How AgTech Can Work for Every Farmer

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I had the chance to visit Raleigh, NC, this past week and get to talk to some fantastic people working in the agriculture space. It was an opportunity to compare and contrast agricultural concerns and options in the southeastern part of the US with what I’ve interacted with in the Pacific Northwest.

There were some big differences around areas like water rights (down in NC, there isn’t a concern about water like there is on the west coast) and commodities, of course which are going to shift depending on what part of the US you’re in. Down in North Carolina, you have sweet potatoes as the leading crop, with crops like tobacco and peanuts making up the landscape of a state with 90 commodities being grown vs. apples dominating the scene in Washington, along with cherries, dairy, and hops which grow around 300 commodities total.

There were a good deal of common concerns, though, with one, in particular leading to the writing of this article.

Speaking with Paul Ulanch with the North Carolina Biotechnology Center, based in the Raleigh-Durham area (aka the “Research Triangle”), we talked about the difficulty of getting large-scale agriculture technologies built for well-capitalized farms to scale down to small farms that don’t have nearly the complexity, capital, or manpower that larger farms have. The average farm in NC is around 184 acres, which is similar in size to farms on the west side of Washington state vs. Eastern Washington, which is made up of larger specialty crop farms along with several traditional “broadacre” crops as you go further east of the state.

That discussion stuck with me throughout the rest of the week, as I talked to agricultural experts in a variety of capacities, from investment to public policy, around how innovation can get commoditized over time to lower the cost of entry for a small farm as the technology is adopted and streamlined across regions of the world and different commodity types. I recall a conversation with the UN FAO (Food and Agriculture Organization) in the context of building a “digital agronomist” with experts here in Central Washington that could then work its way over to small sustenance farms in Africa that could aid in basic farming practices to solve problems that every farm encounters regardless of the crop or size such as irrigation planning or combating pest pressure.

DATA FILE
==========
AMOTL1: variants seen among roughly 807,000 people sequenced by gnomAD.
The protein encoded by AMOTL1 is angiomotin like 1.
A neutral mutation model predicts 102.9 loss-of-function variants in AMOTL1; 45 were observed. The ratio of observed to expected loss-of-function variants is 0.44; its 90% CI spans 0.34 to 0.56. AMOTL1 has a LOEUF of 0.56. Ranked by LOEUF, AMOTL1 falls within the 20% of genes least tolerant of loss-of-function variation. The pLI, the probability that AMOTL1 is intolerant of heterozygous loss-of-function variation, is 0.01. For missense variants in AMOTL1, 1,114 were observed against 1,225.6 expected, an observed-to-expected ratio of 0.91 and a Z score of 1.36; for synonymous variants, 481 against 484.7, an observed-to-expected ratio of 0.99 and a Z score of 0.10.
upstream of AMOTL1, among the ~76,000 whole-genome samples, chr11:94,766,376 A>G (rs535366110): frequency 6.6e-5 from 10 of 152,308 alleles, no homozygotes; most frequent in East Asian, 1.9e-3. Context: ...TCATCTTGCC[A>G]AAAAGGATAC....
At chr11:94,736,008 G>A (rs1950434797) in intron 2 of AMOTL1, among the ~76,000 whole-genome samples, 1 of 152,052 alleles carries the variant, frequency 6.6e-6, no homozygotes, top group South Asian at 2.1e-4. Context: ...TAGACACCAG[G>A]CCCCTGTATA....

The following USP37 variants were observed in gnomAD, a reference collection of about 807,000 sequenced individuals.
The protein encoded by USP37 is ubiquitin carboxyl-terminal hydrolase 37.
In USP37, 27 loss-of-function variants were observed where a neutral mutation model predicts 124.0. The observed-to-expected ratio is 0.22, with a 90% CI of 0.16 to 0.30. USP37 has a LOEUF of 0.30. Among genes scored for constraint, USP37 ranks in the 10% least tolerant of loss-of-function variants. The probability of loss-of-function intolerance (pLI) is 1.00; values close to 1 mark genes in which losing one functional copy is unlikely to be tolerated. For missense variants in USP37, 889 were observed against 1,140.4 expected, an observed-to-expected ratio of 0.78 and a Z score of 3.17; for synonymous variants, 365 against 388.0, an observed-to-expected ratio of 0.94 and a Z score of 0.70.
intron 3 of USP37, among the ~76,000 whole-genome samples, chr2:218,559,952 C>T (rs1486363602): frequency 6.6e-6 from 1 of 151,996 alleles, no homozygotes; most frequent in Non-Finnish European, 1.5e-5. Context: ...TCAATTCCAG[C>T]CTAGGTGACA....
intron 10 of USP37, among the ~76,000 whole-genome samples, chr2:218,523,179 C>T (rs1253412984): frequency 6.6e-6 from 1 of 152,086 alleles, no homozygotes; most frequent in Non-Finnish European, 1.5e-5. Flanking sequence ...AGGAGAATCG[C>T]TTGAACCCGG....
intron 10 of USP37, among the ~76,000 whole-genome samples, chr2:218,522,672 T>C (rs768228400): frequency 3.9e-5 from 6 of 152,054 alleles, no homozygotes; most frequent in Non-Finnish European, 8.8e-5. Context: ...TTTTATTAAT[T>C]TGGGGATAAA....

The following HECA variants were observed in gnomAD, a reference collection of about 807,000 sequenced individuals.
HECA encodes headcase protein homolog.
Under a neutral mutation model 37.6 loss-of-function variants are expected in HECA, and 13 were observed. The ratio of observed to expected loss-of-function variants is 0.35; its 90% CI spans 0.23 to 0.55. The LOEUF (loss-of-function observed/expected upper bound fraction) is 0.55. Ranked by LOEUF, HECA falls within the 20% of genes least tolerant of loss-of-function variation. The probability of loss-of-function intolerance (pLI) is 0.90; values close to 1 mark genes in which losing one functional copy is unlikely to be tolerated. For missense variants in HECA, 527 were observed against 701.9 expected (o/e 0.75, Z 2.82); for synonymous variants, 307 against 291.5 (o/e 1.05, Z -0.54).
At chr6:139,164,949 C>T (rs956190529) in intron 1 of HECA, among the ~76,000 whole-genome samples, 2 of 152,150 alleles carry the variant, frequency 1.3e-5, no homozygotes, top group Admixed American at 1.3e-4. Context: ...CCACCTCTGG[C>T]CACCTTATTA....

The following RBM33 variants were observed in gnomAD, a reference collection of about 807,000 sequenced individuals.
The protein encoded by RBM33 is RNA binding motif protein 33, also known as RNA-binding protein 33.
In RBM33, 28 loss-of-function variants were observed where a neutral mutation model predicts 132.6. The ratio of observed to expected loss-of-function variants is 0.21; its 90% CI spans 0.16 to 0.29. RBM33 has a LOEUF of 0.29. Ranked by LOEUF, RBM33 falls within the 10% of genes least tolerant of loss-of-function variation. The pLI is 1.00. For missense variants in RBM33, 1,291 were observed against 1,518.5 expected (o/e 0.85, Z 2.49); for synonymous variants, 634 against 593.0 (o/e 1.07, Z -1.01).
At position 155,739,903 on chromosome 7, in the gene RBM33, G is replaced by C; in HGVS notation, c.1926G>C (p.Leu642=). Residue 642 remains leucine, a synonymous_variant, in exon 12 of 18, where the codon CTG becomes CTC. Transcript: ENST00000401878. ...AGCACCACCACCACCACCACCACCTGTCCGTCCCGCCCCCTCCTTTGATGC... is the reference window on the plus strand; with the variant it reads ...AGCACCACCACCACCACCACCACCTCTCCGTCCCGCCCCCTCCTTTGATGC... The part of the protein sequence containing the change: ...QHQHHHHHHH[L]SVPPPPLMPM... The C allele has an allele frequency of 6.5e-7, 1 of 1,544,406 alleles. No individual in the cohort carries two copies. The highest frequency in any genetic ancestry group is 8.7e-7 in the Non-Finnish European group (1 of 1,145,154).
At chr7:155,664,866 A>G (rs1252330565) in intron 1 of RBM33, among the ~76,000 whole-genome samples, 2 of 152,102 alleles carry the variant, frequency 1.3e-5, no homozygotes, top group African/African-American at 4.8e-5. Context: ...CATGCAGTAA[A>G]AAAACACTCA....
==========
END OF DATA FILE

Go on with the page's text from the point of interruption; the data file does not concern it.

There is no doubt, several hurdles, depending on the type of AgTech company you are, to scale across regions, commodities, and farm sizes while staying true to your growth targets and budgets, but as Carter Williams, the CEO of iSelectFund would say, Innovation is deflationary meaning that innovation in a given industry can bring costs down over time if the right innovations work to make things of higher quality (like healthy food) more affordable to a larger group of people without sacrificing on the quality itself.

How could an AgTech company build a high-quality instrument for large-scale farms then and work to make that same instrument available to farms on a by-acre pricing model so that the business can hit its revenue targets while also making the product cost affordable to any sized farm? There’s innovation here that needs to take place, to make this kind of model the norm, I think. It’s hard to imagine how some AgTech solutions, such as robotic sprayers, would ever be low-cost enough for a 10-acre farm in a third-world country. Still, it could be a business model innovation such as an AgTech “co-op” that makes one machine scalable to several dozen farms in a given area.

Other solutions, such as automated irrigation management, might not be cost-effective at a farm below a particular scale. Still, the intelligence within that solution being made available via a smart-phone enabled irrigation calculator could be the scalable version from an IoT-enabled intelligent irrigation management system down to just calculating evapotranspiration and pump specifics to get a recommended schedule to implement yourself.

Suppose every AgTech company made the goal to build towards an “accessible at any size” model though as the company matured and thought more about tiers of offerings/services – from the large-scale commercial operations down to the 10-acre sustenance farm, whether it’s different offerings or solutions that get more complicated based on the size/appetite of the farm. Could it help improve technology diffusion across farming globally at a time when every farmer is getting hit harder by adverse weather, global unrest, and increasing costs from inputs to labor?

Having the bandwidth to develop this kind of variety into your offering requires a certain level of size/success in the marketplace / available budget / etc., which isn’t possible for a great many AgTech companies today of course, and a number of specific technologies couldn’t possibly scale as is to farms below a certain size. I think as a critical component in the agricultural value chain, though, we should think and talk more about what scaling down to a farm of any size could look like and work to make innovation and optimization something every farmer globally could someday take advantage of.

I think the problems facing farmers aren’t going to lessen over time, and in some areas of the world, these local farms are largely what keep local communities fed, which are the same farms that can’t necessarily afford costly adoption cycles for cutting-edge agtech solutions so it’s a great opportunity to think about what different go-to-market models could look like. This, too, could serve as a unifying opportunity to bring AgTech companies together across regions and commodities (which are pretty fractured across the agricultural ecosystem) and break through some stubborn barriers around technology adoption across agriculture.

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